The KOR family
Most of REVIVAL Style’s woven scarves and shawls are hand made by the KOR family who live in the village of Bhujodi. Three brothers, Damji Bhai, Purshotham Bhai and Pechaan Bhai, work with their mother and wives to keep the family craft of weaving alive. Weaving has been in their family for seven generations. During their grandfather and father’s time, weaving was done to create fabrics for the Rabari tribal people in exchange for butter, flour and milk. Weaving was done for local necessity and it was a matter of creating the same designs over and over using the same yarn and colors. Now is an exciting time for the KOR brothers because there is an entire design-focus, variety in the types of colors and fabric they can work with and the interest of the market. Their work has gone beyond the reach of just the local village, appealing to people in faraway places. The brothers enjoy the whole process from design and production to completion and delivery of woven pieces that represent this new generation’s pride in their family’s craft. The three brothers have built off of what their father taught them. They began creating finer, light weight scarves in wool, silk and cotton, introducing experimentation, variety and innovation into the family weaving practice. According to Damji Bhai: “We get joy from coming up with new designs and the idea of our work being seen as fashionable and recognized in the market. This is our kala (art). We love weaving.”
KOR is a special motif that represents the family’s weaving heritage. It is incorporated in most of the family’s weaving designs. The brothers have chosen to name themselves KOR because of the symbolic meaning it has to their roots. Despite the evolution in weaving techniques and fabrics, the brothers are immensely proud of the weavers before them and grateful to be able to uphold the family tradition. As stated by Purshotham Bhai: “Yes, the technique has changed a little and we are creating new things but we are still weaving. We are still using the same motifs our father and grandfather used. We will never stop weaving. This is who we are.”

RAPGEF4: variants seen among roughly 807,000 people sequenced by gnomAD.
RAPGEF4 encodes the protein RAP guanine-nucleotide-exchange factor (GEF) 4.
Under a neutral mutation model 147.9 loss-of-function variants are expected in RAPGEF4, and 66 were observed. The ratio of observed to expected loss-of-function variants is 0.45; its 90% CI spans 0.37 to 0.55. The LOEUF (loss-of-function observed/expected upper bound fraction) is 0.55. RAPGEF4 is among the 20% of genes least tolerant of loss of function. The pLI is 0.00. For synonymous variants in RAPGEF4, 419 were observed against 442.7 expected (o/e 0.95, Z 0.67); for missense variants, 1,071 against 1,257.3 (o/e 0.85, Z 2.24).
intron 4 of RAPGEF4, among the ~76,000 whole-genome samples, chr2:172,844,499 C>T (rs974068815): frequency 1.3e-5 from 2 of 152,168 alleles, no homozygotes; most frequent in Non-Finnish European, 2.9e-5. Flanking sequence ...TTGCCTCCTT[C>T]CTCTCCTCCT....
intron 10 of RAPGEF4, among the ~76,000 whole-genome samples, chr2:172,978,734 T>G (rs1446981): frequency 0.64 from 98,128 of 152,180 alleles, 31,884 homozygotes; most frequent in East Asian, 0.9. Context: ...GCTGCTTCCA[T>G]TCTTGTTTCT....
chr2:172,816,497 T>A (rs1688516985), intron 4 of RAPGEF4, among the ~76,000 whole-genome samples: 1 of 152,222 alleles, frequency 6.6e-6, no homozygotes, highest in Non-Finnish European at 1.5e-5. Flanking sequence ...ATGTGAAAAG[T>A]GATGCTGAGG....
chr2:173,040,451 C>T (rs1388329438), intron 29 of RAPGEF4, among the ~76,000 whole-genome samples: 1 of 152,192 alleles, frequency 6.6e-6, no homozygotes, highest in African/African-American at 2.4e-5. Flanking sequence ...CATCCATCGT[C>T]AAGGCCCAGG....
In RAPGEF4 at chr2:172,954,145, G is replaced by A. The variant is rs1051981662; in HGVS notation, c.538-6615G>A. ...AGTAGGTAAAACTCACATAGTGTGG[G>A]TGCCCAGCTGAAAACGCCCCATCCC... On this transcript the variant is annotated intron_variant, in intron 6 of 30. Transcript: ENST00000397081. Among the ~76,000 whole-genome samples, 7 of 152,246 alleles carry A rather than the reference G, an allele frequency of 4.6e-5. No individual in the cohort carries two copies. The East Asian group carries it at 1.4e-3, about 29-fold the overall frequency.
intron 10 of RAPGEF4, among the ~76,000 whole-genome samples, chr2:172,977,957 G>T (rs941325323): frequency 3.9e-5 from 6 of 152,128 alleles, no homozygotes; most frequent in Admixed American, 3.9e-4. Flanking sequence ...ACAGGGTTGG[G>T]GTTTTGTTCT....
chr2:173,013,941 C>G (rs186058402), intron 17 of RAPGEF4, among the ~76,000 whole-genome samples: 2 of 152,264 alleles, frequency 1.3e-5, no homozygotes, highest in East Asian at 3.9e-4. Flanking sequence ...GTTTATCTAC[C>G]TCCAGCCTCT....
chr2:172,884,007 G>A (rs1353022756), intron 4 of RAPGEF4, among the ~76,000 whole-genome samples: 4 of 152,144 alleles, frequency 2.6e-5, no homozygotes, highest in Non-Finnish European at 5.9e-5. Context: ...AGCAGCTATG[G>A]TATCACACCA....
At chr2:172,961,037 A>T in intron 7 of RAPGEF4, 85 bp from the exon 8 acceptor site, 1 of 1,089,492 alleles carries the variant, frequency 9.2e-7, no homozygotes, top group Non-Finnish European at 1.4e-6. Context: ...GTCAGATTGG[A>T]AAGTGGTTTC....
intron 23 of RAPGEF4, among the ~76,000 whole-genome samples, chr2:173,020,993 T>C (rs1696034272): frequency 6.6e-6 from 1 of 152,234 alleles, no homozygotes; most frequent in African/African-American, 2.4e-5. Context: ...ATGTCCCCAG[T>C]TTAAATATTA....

Although the actual job of weaving fabric is mostly done by men (but increasingly women are learning and weaving), women play a significant role in preparing the yarn for the hand loom and completing the finishing touches that give each woven piece the polished and high quality look that satisfies customers. Purshotham Bhai shares: “There were 250 hand looms in our village of Bhujodi back in the day and now there are only 60 hand looms because the involvement of women is critical to make weaving successful but women in several households are not staying involved. So we are grateful that our wives have worked with us, side-by-side to keep weaving alive. Without the support of our women, we could not do this.” In order for a family to successfully subside on weaving, the entire family’s contributions and input are required. It is a major team effort.
The KOR family has become like family to Neetu. She has been inspired by their creativity, kindness, sense of humour and humble nature. Working together with the family on various design collaborations for REVIVAL Style has given Neetu a deeper appreciation for weaving as a craft. She is moved by their passion for and pride in their craft and how they work together as one tight-knit family unit to keep it going. While they currently operate a small and humble weaving practice out of their home, the KOR family’s dream is “To have a small workshop where [they] can hire 4-5 local weavers in the village to work with [them] to expand production volume and reach more customers.” Through ongoing weaving projects for REVIVAL Style, Neetu hopes to be able to help the KOR family fulfill their dream.
Positive Social Impact
To-date, through REVIVAL Style’s operations with the KOR family, we have been able to provide a steady 6-months worth of income (from weaving projects) to help comfortably meet the financials needs of the entire extended family of 15 individuals.